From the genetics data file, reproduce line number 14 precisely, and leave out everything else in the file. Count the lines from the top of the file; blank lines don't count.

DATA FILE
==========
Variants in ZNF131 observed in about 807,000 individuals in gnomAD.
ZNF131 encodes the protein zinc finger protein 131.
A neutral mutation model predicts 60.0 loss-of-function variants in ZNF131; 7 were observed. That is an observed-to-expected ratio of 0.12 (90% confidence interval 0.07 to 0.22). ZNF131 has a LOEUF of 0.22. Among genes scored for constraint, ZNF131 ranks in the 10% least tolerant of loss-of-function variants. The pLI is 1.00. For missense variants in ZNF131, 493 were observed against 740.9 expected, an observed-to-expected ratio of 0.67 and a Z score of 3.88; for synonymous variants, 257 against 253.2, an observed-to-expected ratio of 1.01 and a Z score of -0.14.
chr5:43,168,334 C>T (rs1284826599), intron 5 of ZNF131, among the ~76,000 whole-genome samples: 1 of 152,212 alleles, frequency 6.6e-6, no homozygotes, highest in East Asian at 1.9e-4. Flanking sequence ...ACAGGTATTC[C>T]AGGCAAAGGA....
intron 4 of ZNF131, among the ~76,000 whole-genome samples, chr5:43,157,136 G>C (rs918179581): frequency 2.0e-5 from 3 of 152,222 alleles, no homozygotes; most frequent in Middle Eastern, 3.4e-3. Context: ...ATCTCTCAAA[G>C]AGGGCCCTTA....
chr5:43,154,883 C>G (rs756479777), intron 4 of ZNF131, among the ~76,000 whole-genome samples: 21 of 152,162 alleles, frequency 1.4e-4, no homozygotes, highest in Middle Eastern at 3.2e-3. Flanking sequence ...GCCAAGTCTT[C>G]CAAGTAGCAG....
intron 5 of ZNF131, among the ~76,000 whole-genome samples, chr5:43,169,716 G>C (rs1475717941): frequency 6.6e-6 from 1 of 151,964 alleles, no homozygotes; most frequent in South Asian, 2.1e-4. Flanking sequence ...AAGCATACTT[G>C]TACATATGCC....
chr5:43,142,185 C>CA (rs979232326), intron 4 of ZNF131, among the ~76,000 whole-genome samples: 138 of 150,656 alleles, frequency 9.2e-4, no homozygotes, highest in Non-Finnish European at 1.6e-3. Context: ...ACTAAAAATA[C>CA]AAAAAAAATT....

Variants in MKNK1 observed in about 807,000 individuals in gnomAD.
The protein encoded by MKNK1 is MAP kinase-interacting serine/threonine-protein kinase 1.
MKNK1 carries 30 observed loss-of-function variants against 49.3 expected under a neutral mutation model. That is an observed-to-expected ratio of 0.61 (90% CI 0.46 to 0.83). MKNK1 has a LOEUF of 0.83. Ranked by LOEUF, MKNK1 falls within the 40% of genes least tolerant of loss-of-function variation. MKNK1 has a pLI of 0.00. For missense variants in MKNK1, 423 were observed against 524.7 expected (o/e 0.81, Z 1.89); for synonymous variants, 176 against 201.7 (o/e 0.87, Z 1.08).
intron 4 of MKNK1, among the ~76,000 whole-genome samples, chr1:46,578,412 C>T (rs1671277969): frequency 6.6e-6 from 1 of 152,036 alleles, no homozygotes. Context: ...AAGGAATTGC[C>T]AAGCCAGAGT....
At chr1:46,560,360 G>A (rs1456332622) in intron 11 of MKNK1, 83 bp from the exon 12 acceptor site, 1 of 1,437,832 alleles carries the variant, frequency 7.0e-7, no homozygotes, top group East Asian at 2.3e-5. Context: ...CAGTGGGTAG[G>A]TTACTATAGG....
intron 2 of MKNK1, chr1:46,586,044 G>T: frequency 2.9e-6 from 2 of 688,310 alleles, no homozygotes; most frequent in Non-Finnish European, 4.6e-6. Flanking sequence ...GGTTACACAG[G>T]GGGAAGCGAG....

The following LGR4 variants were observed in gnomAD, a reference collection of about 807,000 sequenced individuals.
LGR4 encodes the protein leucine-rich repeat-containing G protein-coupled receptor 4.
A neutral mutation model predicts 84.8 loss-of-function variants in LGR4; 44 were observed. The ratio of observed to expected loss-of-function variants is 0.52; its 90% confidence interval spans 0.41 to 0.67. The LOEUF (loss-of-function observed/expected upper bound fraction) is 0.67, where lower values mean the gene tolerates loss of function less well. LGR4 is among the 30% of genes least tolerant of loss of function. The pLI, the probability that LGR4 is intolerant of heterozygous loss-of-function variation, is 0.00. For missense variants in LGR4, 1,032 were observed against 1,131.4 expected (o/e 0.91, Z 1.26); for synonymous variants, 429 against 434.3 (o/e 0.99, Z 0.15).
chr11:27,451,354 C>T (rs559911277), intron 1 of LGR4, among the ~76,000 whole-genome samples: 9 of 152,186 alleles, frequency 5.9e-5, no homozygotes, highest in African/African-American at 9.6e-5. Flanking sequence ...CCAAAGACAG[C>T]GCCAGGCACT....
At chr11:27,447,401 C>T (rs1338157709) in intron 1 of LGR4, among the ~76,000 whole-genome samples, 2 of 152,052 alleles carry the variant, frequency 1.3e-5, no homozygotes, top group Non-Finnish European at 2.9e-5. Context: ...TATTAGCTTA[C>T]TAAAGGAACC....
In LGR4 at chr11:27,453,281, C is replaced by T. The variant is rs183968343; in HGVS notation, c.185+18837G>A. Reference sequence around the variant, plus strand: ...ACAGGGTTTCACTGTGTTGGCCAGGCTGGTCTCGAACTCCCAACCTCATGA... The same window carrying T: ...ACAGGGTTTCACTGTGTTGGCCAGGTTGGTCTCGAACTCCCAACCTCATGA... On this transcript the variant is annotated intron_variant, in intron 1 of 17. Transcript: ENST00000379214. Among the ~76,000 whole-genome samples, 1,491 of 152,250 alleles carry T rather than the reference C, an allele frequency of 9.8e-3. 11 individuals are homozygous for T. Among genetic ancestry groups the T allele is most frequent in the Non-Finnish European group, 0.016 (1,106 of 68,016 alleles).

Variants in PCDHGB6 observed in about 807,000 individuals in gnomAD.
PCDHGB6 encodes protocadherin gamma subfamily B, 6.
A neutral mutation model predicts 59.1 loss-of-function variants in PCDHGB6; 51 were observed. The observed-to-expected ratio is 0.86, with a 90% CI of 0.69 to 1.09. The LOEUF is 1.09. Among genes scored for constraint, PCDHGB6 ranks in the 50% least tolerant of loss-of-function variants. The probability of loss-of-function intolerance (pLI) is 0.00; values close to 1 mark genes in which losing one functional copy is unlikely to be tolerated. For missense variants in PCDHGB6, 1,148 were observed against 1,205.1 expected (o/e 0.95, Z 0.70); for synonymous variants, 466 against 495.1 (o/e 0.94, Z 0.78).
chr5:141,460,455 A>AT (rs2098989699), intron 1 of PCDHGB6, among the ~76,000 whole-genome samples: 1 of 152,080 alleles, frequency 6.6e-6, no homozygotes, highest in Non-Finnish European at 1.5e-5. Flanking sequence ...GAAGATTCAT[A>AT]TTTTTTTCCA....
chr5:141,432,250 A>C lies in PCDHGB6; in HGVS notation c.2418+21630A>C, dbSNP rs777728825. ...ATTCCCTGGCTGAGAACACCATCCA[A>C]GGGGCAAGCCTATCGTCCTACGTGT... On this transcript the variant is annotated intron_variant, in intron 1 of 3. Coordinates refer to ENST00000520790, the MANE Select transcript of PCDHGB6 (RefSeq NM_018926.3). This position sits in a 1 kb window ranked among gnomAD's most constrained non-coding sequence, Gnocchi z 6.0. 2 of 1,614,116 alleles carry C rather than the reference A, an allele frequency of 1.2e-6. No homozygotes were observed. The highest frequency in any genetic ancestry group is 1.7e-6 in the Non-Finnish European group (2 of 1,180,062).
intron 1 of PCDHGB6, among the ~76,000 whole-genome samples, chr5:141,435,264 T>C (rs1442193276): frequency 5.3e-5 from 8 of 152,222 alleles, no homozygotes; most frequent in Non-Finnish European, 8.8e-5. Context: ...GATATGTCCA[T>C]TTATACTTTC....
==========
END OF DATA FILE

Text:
intron 2 of MKNK1, chr1:46,586,044 G>T: frequency 2.9e-6 from 2 of 688,310 alleles, no homozygotes; most frequent in Non-Finnish European, 4.6e-6. Flanking sequence ...GGTTACACAG[G>T]GGGAAGCGAG....